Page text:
As Lexington plans to build a new senior citizens center, the YMCA of Central Kentucky proposed on Tuesday a partnership in which the YMCA would build and operate four senior center facilities attached to YMCA locations in Fayette County.
David Martorano, president and CEO of YMCA of Central Kentucky, told the Urban County Council's social services and community development committee that the partnership could mean an annual savings of up to $500,000 for the city while tapping into Y programming, which encourages active lifestyles, education and intergenerational relationships.
The proposal comes as the city has moved to construct a single center to replace the one on Nicholasville Road that officials say is outdated and too small. The city hired a consultant last year to come up with site recommendations.
Mayor Jim Gray included $5 million in his budget for site selection and design of a new senior center. The estimated cost has been $15 million.
The YMCA's proposal would involve renovating and possibly expanding the three existing YMCAs in Lexington — Beaumont, High Street and North Lexington — and the construction of a new Y in the Hamburg area.
No planning or design work has begun, but Martorano said the four projects collectively could cost $12 million, about $3 million less than a single center as envisioned by the city.
Martorano talked to Mayor Jim Gray's staff about his idea in May. It will be discussed at the YMCA executive board meeting in the next few weeks. Basic programming such as table tennis, bingo, fitness and ceramics would be free, but seniors could also buy Y memberships and classes.
The Y would oversee and manage construction and would own the facilities, Matorano suggested.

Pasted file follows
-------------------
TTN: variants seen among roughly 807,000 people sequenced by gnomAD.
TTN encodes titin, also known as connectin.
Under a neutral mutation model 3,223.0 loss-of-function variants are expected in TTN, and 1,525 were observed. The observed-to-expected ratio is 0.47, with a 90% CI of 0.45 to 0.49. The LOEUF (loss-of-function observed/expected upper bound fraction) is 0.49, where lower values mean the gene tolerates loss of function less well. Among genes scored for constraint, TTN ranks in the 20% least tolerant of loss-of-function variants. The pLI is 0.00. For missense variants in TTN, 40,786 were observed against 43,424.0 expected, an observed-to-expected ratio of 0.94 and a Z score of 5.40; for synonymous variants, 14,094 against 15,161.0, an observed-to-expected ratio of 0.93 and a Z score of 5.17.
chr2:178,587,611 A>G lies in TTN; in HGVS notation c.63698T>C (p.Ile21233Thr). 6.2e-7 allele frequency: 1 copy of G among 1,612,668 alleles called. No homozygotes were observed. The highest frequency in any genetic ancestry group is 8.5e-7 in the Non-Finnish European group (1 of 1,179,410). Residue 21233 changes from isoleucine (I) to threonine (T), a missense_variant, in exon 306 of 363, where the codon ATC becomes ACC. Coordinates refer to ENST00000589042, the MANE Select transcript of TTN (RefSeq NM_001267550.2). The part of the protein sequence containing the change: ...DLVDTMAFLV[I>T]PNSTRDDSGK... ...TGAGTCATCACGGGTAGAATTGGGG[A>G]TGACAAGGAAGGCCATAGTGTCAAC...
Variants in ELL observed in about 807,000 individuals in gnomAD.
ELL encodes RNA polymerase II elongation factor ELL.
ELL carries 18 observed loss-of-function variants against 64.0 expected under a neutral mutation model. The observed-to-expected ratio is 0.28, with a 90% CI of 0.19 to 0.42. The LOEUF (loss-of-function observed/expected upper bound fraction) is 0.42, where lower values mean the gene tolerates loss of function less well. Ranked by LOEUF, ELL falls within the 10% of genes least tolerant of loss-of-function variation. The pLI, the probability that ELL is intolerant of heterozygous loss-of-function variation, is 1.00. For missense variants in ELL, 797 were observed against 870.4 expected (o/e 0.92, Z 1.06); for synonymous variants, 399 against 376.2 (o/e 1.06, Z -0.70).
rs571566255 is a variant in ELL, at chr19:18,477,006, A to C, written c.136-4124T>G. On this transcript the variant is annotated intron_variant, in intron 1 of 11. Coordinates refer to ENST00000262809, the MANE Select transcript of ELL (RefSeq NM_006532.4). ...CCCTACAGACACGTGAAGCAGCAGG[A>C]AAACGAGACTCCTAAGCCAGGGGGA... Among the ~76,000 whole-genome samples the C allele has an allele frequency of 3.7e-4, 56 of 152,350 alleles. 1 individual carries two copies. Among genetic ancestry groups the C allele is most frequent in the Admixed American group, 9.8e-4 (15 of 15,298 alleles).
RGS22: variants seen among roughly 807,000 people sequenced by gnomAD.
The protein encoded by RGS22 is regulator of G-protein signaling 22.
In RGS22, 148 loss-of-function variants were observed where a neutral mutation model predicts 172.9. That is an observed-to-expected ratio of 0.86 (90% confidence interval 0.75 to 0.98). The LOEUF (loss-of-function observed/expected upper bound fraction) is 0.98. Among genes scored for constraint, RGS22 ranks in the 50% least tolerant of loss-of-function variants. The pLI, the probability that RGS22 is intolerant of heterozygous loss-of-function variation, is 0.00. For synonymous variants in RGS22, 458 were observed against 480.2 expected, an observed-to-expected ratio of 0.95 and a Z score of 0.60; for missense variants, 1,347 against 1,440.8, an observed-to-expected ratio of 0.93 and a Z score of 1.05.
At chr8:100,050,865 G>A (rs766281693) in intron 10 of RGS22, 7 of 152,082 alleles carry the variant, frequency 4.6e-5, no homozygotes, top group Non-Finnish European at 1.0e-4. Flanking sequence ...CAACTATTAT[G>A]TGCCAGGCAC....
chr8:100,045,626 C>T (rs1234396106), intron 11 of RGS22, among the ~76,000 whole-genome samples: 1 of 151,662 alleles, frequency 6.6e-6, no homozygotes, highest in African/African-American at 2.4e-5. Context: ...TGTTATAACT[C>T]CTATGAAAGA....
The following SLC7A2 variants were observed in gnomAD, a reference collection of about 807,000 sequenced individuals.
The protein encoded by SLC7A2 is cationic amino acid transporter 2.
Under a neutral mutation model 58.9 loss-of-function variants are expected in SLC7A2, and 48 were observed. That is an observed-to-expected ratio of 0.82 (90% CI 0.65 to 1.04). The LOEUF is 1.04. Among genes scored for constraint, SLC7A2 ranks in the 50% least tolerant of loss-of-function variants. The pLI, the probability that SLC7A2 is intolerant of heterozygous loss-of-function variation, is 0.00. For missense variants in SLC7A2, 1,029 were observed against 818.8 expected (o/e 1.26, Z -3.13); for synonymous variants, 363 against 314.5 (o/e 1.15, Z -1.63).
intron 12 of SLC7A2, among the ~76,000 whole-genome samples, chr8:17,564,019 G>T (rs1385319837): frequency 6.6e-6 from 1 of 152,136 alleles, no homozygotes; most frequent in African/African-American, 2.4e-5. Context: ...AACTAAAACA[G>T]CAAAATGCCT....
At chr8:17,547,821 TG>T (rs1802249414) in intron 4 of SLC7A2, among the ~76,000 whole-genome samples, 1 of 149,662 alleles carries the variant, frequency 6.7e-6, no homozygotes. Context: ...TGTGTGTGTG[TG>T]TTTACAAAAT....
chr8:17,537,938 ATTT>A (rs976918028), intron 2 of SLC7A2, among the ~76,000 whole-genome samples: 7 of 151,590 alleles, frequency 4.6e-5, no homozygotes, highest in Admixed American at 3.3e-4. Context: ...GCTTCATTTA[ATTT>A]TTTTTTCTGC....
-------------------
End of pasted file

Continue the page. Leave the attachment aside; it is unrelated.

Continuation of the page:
Council member Harry Clarke said he had a problem with the city essentially giving the Y $12 million. "And we would have a stake in it only in programming," he said. Asked by Clarke whether he would be comfortable with the city running the facility, Martorano indicated that would be possible.
Older people would have the chance to volunteer with youth programs and interact with younger people at the Y, Martorano said.
Commissioner of Social Services Beth Mills expressed little enthusiasm for satellite centers. The center on Nicholasville Road is cramped, and its roof leaks, she said, adding that a new center is needed immediately. There's no telling how long it would take to open satellite Y facilities, Mills said.
Council member George Myers said time was of the essence in opening an expanded, modern center. But he did not rule out exploring the possibility of teaming with the Y, perhaps at Beaumont and North Lexington.
Having four locations in Fayette County would make services more accessible, and the plan would combine the expertise of the city's senior services staff with that of the Y to develop "a very forward-thinking" program for older adults in the area, Martoran0 said.
Council member Kevin Stinnett said that of 75 older residents at a recent neighborhood meeting he attended in his district, only three knew the location of the Nicholasville Road senior center.
Council member Shevawn Akers moved that the city proceed with its plan for a central senior citizens center. The motion passed 6-4.
But Stinnett asked, "What is our current plan? Council hasn't heard a word since February, when we heard the consultant's report."
Recommended sites then were the old Kroger store in Beaumont Centre, the former Springs Inn property on Harrodsburg Road and a site across the street at the shuttered Turfland Mall.
Sally Hamilton, the city chief administrative officer, told council that the former Springs Inn site is "no longer in play."
The proposed partnership will be referred to the full council for discussion, probably in July.